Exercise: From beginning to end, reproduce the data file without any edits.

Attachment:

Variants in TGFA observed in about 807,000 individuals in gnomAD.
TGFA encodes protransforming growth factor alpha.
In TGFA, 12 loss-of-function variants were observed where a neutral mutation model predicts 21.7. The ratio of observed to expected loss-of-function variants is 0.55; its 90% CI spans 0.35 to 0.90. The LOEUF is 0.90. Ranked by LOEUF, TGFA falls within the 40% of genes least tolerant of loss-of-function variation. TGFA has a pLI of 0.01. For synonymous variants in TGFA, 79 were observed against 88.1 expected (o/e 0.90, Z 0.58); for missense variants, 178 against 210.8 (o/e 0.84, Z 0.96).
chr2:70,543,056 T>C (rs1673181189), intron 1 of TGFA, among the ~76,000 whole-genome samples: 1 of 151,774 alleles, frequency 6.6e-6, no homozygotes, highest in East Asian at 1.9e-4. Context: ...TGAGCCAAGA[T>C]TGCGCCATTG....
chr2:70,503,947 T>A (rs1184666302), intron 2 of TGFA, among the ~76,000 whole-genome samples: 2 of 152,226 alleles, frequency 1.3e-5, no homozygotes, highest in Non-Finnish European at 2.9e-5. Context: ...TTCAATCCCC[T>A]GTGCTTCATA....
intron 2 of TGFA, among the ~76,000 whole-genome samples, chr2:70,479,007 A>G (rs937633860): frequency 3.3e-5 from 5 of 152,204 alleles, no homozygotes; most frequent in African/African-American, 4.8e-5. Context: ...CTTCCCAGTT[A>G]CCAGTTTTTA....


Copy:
Variants in TGFA observed in about 807,000 individuals in gnomAD.
TGFA encodes protransforming growth factor alpha.
In TGFA, 12 loss-of-function variants were observed where a neutral mutation model predicts 21.7. The ratio of observed to expected loss-of-function variants is 0.55; its 90% CI spans 0.35 to 0.90. The LOEUF is 0.90. Ranked by LOEUF, TGFA falls within the 40% of genes least tolerant of loss-of-function variation. TGFA has a pLI of 0.01. For synonymous variants in TGFA, 79 were observed against 88.1 expected (o/e 0.90, Z 0.58); for missense variants, 178 against 210.8 (o/e 0.84, Z 0.96).
chr2:70,543,056 T>C (rs1673181189), intron 1 of TGFA, among the ~76,000 whole-genome samples: 1 of 151,774 alleles, frequency 6.6e-6, no homozygotes, highest in East Asian at 1.9e-4. Context: ...TGAGCCAAGA[T>C]TGCGCCATTG....
chr2:70,503,947 T>A (rs1184666302), intron 2 of TGFA, among the ~76,000 whole-genome samples: 2 of 152,226 alleles, frequency 1.3e-5, no homozygotes, highest in Non-Finnish European at 2.9e-5. Context: ...TTCAATCCCC[T>A]GTGCTTCATA....
intron 2 of TGFA, among the ~76,000 whole-genome samples, chr2:70,479,007 A>G (rs937633860): frequency 3.3e-5 from 5 of 152,204 alleles, no homozygotes; most frequent in African/African-American, 4.8e-5. Context: ...CTTCCCAGTT[A>G]CCAGTTTTTA....